Mr. McLain may be contacted at mclain@hhmrlaw.com

    How Berger’s Peer Review Role Figures In Potential Bridge Collapse Settlement

    August 26, 2019 —
    As negotiations near a conclusion for a settlement with victims of last year’s fatal Florida International University bridge collapse, the role of the Louis Berger Group as peer review consultant is proving crucial. Attorneys for families of the six people who were killed and survivors say Berger is the last defendant that has not agreed to terms in lawsuits in state court in Miami against the companies that designed and built the bridge. Read the court decision
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    Reprinted courtesy of Richard Korman, ENR
    Mr. Korman may be contacted at kormanr@enr.com

    World’s Biggest Crane Gets to Work at British Nuclear Plant

    October 07, 2019 —
    The world’s largest crane is getting ready to hoist more than 700 of the heaviest pieces of the first new nuclear plant being built in Britain in decades. The machine, affectionately known as “Big Carl” after an executive at Belgian owner Sarens NV, is in place at Electricite de France SA’s 19.6 billion-pound ($24.1 billion) Hinkley Point C project in southwest England. It can carry as much as 5,000 tons, or the same weight as 1,600 cars, in a single lift and arrived on 280 truck loads from Belgium. It has taken about three months to build. Nuclear power makes up about a fifth of Britain’s electricity. Most of those plants are near the end of their lives and will close in the next decade. Replacing them won’t be easy—as the scale of the project shows. Earlier this year, EDF poured 9,000 cubic meters of cement, the biggest single biggest pour of concrete ever recorded in Britain. It was reinforced by 5,000 tons of steel built into a nest 4 meters high that’ll serve as the base of the first new reactor in the U.K. since 1995. Read the court decision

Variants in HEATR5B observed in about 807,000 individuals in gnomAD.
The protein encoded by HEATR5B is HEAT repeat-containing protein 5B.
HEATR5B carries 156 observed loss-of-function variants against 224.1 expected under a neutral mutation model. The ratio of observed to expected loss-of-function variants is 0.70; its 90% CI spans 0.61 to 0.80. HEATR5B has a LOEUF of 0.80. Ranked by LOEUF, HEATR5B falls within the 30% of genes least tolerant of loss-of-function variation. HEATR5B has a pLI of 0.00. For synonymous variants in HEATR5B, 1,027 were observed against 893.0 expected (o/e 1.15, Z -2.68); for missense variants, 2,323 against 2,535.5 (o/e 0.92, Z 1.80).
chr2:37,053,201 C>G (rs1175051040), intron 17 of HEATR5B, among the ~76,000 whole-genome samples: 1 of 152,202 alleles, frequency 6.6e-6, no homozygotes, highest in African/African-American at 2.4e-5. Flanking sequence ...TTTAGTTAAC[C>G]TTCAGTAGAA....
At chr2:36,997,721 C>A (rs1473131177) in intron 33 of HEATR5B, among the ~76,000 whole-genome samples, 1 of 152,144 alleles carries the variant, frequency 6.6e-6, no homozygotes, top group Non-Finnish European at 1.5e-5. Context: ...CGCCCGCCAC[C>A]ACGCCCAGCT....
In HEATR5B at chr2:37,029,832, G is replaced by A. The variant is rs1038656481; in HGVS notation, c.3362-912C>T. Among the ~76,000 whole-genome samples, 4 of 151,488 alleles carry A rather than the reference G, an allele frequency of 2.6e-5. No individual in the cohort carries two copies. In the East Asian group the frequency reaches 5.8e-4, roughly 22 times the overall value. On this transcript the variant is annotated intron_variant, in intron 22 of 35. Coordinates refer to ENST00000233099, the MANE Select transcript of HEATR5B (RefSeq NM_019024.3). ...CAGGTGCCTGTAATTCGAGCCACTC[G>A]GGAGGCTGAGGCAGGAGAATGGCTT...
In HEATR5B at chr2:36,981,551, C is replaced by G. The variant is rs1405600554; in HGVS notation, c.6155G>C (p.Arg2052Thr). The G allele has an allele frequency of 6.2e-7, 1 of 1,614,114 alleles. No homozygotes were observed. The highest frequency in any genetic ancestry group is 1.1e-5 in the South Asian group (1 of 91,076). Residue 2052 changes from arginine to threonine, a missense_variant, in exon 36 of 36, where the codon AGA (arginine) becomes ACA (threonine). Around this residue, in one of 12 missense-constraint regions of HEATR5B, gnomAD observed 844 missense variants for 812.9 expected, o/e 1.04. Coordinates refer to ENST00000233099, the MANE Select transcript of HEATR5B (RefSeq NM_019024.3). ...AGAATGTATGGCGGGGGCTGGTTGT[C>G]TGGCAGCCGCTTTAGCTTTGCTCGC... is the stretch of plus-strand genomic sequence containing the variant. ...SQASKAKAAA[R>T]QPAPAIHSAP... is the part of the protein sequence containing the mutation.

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    Reprinted courtesy of Jeremy Hodges, Bloomberg